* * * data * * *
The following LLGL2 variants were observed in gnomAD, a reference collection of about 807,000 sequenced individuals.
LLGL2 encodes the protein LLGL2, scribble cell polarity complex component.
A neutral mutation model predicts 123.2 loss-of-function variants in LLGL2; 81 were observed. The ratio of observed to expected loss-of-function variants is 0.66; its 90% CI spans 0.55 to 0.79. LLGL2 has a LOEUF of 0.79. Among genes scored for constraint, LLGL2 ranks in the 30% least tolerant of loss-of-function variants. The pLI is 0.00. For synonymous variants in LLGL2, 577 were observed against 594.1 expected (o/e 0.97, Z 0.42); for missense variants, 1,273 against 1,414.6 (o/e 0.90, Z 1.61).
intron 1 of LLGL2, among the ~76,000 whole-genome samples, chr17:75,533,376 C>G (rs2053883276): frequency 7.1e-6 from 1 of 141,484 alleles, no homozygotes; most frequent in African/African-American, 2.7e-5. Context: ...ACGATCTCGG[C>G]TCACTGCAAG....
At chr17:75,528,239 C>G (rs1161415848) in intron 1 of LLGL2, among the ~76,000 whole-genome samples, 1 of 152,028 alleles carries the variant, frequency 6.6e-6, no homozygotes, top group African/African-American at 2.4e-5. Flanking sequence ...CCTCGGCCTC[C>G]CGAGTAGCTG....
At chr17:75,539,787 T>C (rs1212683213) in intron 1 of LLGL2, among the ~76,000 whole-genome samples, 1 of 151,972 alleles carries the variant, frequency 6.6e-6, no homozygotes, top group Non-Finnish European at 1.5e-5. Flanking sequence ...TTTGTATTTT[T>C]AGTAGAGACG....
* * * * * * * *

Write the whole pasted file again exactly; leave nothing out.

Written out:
The following LLGL2 variants were observed in gnomAD, a reference collection of about 807,000 sequenced individuals.
LLGL2 encodes the protein LLGL2, scribble cell polarity complex component.
A neutral mutation model predicts 123.2 loss-of-function variants in LLGL2; 81 were observed. The ratio of observed to expected loss-of-function variants is 0.66; its 90% CI spans 0.55 to 0.79. LLGL2 has a LOEUF of 0.79. Among genes scored for constraint, LLGL2 ranks in the 30% least tolerant of loss-of-function variants. The pLI is 0.00. For synonymous variants in LLGL2, 577 were observed against 594.1 expected (o/e 0.97, Z 0.42); for missense variants, 1,273 against 1,414.6 (o/e 0.90, Z 1.61).
intron 1 of LLGL2, among the ~76,000 whole-genome samples, chr17:75,533,376 C>G (rs2053883276): frequency 7.1e-6 from 1 of 141,484 alleles, no homozygotes; most frequent in African/African-American, 2.7e-5. Context: ...ACGATCTCGG[C>G]TCACTGCAAG....
At chr17:75,528,239 C>G (rs1161415848) in intron 1 of LLGL2, among the ~76,000 whole-genome samples, 1 of 152,028 alleles carries the variant, frequency 6.6e-6, no homozygotes, top group African/African-American at 2.4e-5. Flanking sequence ...CCTCGGCCTC[C>G]CGAGTAGCTG....
At chr17:75,539,787 T>C (rs1212683213) in intron 1 of LLGL2, among the ~76,000 whole-genome samples, 1 of 151,972 alleles carries the variant, frequency 6.6e-6, no homozygotes, top group Non-Finnish European at 1.5e-5. Flanking sequence ...TTTGTATTTT[T>C]AGTAGAGACG....